Physical characteristics: This species is about the size of a house fly. The compound eyes, or eyes with multiple lenses, are located on the tips of horn-like structures, or stalks, that project from the sides of the head. The distance between each eye on a male is nearly equal to the length of its body. The eye-stalks of the females are much shorter.
Geographic range: This particular stalk-eyed fly is widespread in Southeast Asia.
Habitat: They live on damp, shady forest floors near streams.
Diet: The larvae eat plants, while the adults feed on nectar and other plant juices.
Behavior and reproduction: Males stake out rootlets on the ground and compete with one another for females. Males face one another and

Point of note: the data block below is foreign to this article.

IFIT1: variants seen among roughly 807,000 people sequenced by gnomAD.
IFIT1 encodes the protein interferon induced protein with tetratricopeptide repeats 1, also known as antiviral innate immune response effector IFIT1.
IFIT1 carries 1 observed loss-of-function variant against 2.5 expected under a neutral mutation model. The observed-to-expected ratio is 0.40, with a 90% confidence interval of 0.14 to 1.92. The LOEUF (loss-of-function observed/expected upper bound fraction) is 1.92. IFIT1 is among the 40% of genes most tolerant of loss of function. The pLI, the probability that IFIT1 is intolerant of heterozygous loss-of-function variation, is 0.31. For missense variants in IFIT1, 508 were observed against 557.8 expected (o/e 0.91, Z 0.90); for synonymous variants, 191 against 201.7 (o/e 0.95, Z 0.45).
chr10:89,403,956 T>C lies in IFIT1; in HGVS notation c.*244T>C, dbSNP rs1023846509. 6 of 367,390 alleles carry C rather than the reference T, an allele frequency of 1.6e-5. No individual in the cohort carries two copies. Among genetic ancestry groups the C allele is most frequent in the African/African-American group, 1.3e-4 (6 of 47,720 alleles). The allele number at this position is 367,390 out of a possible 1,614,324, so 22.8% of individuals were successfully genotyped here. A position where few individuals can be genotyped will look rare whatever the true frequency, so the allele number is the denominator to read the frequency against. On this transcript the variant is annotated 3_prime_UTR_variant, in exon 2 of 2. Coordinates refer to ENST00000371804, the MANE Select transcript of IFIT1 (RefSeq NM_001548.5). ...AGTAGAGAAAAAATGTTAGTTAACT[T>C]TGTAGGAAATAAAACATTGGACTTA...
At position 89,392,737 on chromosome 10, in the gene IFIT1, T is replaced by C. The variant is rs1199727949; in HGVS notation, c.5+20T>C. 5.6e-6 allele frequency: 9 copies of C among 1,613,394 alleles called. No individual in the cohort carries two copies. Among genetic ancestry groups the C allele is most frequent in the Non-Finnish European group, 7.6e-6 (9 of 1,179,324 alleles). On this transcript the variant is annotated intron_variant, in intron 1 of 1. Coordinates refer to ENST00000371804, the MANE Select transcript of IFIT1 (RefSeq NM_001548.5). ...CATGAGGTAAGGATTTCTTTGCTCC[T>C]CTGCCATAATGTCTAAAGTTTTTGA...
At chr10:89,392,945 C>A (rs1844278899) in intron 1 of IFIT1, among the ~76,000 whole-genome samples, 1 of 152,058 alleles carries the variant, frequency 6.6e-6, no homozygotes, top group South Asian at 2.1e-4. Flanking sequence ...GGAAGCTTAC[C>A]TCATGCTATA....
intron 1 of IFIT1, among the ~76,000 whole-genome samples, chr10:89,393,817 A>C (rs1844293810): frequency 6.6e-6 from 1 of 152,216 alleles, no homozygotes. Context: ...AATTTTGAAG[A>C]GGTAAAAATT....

Stalk-eyed flies are observed by scientists who study courtship behavior. Males stake out rootlets on the ground and compete with one another for females. Males face one another and wrestle each other with their front legs. (Illustration by Jonathan Higgins. Reproduced by permission.)
wrestle each other with their front legs. Eventually the male with the shortest eye-stalks backs down. Females prefer large-bodied males with long eye-stalks as mates. They are usually found in small groups. A single male will mate with up to twenty females in just thirty minutes.
Upon emerging from the pupa, stalk-eyed flies pump body fluids into both their wings and eye-stalks for up to fifteen minutes until they expand to their full lengths.
Stalk-eyed flies and people: These fascinating animals are observed by scientists who study courtship behavior.
Conservation status: This species is not considered endangered or threatened. ■
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